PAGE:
8. Provide wages subsidy and cash flow support for state-owned enterprises that are severely affected. These include Air Niugini from the shut-down of international flights, the National Gaming and Control board, Fisheries, Coffee Industry Corporation and other exporting agencies.

9. Defer or allow flexibility for all tax payments (income, salaries & wages, GST) that became owing from today for a period or 3months or 6months, depending on the convenience of the government and assessment of developing circumstances on the ground

10. Ask banks and financial institutions to allow a 3months or 6months interest-free pause on all loans (personal loans, school fees, housing, and business loans). This will provide financial relief and ease the pressure.

11. Government and ICCC to provide extensive surveillance on operations of shops, especially those selling essentials and food items. Shops hiking prices must be dealt with immediately as this is adding fuel to public distress and panic.

12. Labour and Commerce ministers to direct shops to create price tricks to prevent the hoarding of essential items. E.g. If 1 hand sanitizer costs K20, then buying 2 sanitizers can be priced at K100. Remember, buying 100 hand sanitizers doesn’t stop the spread of the virus, but allowing others to also have such essential items do.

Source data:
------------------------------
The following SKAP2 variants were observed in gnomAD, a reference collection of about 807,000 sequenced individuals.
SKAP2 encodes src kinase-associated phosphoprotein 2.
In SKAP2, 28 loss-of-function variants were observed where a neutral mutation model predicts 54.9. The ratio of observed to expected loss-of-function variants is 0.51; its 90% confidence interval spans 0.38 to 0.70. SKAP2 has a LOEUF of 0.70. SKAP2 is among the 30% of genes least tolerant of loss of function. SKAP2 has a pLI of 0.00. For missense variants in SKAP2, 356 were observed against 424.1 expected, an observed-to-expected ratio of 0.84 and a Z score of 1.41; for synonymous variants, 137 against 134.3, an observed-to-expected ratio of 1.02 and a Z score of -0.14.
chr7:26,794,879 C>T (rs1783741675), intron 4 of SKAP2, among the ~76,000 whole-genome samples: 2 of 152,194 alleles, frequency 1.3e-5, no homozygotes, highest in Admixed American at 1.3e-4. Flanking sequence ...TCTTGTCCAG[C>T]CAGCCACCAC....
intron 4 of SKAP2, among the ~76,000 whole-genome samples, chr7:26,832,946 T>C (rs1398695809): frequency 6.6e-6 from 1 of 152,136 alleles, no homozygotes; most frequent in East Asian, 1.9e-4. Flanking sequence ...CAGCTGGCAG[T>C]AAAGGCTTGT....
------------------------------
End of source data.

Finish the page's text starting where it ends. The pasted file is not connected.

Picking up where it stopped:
13. Markets not to be closed but controlled and regulated (E.g., only allow the selling of food items and essentials). A health and safety team to be stationed at every market to provide masks and gloves free to vendors and shoppers alike. And a hand sanitizer station must be installed in front of market users.

Yes, covid-19 is a health pandemic but we have seen the extent of its destruction, thus our responses must not be only medical, military or economic for that matter, but must be all-inclusive. In that way, we keep living humans alive, employees in employment and businesses in business!

Until then, my advice again to everyone is stay safe and stay away. Don’t gamble with your health. We have only one life. God bless PNG.

Livingstone Fontenu
MSc. Global Governance – UK